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Standing at Work All Day While Pregnant Linked to Smaller Babies
Infant head size may be affected if mom-to-be spends long hours on her feet, researchers say
WEDNESDAY, June 27 (HealthDay News) -- Standing for long periods of time or working more than 40 hours a week while pregnant may affect the baby's development, Dutch researchers report.
In the new study, women who had jobs in sales, child care and teaching, which required spending many hours on their feet, had infants with heads about 3 percent smaller than women who worked in other jobs during their pregnancies, the researchers found.
Whether this makes a difference in the long-term development of the child isn't known, said lead researcher Alex Burdorf, from the department of public health at Erasmus University Medical Center in Rotterdam.
"We are not sure about that," he said. "But there are clear indications that a smaller head may negatively affect cognitive [brain] development."
Exactly how it might play a part in any one child's development isn't predictable, "but at a group level a smaller head is seen as a negative start," Burdorf said.
The only women who need to be concerned are those who stand all day and "whose doctor has indications that weight gain or fetal growth is less than expected," he added.
The study established an association, and not a cause-and-effect link, between working conditions and baby size.
The report was published in the June 27 online edition of Occupational and Environmental Medicine.
For the study, Burdorf's team collected data on more than 4,600 pregnant women. The women were asked about their work situations including whether their jobs required lifting, standing, walking, long hours or night work.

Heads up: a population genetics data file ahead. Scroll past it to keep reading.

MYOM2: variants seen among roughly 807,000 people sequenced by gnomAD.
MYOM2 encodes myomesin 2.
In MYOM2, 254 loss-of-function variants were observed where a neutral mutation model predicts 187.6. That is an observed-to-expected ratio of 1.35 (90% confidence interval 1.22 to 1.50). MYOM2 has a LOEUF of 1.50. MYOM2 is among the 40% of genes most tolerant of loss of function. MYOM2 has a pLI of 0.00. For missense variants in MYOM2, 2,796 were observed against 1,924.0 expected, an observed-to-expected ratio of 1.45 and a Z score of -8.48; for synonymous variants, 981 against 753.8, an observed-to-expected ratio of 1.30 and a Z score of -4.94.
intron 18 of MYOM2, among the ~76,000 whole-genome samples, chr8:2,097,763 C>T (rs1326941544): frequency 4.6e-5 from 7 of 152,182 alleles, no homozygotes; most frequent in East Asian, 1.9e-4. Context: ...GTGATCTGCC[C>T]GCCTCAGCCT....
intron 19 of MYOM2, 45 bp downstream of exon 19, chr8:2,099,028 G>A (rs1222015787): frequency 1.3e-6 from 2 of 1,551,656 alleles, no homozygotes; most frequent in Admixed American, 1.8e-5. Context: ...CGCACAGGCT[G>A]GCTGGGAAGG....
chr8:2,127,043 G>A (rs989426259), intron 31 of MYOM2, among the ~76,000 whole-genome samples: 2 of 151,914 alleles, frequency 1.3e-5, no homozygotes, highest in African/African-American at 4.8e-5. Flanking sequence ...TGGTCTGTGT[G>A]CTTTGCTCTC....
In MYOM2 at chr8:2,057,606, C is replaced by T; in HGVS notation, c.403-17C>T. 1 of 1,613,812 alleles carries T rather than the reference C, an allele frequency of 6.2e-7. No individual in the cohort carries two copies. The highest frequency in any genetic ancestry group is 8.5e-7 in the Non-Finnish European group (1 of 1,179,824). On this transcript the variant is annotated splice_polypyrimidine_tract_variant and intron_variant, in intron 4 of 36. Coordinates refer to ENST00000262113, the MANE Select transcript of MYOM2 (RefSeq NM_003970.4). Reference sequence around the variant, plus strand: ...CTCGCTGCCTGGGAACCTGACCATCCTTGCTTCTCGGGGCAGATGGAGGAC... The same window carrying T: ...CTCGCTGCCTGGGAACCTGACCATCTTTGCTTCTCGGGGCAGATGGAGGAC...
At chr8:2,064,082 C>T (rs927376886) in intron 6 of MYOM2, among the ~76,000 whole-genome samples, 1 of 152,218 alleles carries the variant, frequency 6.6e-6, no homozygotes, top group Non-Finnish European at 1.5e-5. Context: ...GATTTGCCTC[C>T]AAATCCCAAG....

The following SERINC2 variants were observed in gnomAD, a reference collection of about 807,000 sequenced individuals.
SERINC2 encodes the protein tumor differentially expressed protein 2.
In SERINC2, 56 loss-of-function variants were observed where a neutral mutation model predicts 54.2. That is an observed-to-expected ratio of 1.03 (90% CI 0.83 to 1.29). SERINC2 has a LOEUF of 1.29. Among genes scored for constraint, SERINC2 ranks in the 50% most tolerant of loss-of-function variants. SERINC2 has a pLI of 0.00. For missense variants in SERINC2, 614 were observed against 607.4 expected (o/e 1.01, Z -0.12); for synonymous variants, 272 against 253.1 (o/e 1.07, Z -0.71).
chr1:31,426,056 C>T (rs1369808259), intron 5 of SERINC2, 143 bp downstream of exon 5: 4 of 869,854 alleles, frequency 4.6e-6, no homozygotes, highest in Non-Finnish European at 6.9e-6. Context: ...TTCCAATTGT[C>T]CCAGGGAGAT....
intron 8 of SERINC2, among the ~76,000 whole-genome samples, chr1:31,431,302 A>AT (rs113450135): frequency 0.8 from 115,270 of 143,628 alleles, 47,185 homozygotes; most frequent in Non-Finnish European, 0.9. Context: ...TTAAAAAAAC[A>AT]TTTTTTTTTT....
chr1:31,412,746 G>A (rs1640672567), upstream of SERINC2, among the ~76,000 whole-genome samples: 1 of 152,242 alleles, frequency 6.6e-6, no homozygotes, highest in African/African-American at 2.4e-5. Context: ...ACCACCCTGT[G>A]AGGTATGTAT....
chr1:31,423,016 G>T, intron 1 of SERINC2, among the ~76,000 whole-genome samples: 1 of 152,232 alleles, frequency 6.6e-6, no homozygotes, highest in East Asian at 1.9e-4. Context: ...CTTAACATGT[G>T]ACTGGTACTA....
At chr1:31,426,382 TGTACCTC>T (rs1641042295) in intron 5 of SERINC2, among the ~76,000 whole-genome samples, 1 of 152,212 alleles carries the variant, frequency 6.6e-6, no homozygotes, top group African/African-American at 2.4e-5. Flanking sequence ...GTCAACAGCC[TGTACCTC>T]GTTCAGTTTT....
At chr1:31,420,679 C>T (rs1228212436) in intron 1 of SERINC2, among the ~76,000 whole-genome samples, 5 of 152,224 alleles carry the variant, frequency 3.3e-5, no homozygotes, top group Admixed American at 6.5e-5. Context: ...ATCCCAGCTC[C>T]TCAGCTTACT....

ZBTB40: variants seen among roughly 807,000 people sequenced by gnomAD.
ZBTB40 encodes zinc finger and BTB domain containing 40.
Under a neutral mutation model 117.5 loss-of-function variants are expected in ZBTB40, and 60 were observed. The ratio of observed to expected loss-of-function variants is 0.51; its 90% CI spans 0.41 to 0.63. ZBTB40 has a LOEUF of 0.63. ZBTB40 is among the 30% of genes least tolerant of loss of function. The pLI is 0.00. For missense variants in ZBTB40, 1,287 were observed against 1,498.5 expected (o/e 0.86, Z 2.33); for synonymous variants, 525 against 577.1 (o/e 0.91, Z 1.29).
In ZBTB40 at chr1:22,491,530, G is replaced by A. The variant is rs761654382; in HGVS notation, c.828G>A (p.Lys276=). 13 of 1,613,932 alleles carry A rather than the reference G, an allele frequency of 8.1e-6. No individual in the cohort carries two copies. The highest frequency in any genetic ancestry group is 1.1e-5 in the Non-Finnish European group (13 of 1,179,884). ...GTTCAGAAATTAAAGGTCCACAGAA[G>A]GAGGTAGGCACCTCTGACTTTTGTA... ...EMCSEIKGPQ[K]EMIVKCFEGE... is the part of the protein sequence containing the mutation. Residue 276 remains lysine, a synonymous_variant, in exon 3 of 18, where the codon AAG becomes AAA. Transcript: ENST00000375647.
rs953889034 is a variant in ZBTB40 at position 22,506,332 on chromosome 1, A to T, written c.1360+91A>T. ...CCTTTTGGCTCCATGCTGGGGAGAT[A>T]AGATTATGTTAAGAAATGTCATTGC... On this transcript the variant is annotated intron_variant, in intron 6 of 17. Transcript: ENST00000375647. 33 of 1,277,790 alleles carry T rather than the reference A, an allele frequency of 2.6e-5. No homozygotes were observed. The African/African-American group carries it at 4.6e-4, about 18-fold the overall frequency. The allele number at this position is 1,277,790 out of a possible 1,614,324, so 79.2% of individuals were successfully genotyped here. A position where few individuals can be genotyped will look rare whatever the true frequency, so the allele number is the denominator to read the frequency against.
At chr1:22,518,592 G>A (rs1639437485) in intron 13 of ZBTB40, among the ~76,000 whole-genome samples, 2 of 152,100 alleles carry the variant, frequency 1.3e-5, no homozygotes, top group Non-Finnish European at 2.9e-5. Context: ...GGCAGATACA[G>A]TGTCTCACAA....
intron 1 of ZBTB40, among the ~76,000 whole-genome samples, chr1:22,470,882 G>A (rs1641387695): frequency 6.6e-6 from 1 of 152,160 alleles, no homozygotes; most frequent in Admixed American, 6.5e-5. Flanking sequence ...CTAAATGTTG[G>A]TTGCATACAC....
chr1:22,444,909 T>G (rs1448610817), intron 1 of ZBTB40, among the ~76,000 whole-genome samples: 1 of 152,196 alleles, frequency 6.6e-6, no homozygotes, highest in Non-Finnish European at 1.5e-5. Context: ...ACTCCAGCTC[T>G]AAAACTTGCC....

The researchers measured the development of the babies throughout the pregnancy and after birth. They found that physically demanding work had no effect on the infant's size, weight or whether the child was premature.
There was also no effect on infants of mothers who worked right up to the month before giving birth.
Women who spent a lot of time standing, however, had infants with an average head size 1 centimeter smaller than infants of women who didn't spend a lot of work time on their feet.
In addition, women who worked more than 40 hours a week were more likely to give birth to infants with smaller heads that weighed less than infants of women who worked less than 25 hours a week, the researchers found.
These findings may mean that standing and working very long hours has a negative effect on the infant's development, Burdorf's group said.
Apart from these exceptions, work is generally a good thing during pregnancy, Burdorf's team noted. Women who work have pregnancies with fewer complications and have fewer stillbirths or infants with birth defects, compared with women who don't work, they said.
Dr. Jill Rabin, chief of ambulatory care, obstetrics and gynecology at Long Island Jewish Medical Center in New Hyde Park, N.Y. was skeptical about the findings.
"The study poses more questions than it answers," she said.
One problem with the study is that all the data were self-reported so there is a possibility the data is not completely accurate.
In addition, while the researchers took into account some other factors, such as drinking and smoking, height and weight, they didn't account for others.
Particularly important are diet and previous pregnancies, Rabin said. "These factors may be the most important," she noted.
It is also not possible to know from the study if this small difference in head size will have long-term consequences.
"Whether or not these infants will have long-term effects can only be determined by following them over time," she said.
For more information on having a healthy pregnancy, visit the U.S. Department of Health and Human Services Office on Women's Health.
Source: SOURCES: Alex Burdorf, Ph.D., department of public health, Erasmus University Medical Center, Rotterdam, the Netherlands; Jill Rabin, M.D. chief, ambulatory care, obstetrics and gynecology, Long Island Jewish Medical Center, New Hyde Park, N.Y.; June 27, 2012, Occupational and Environmental Medicine, online
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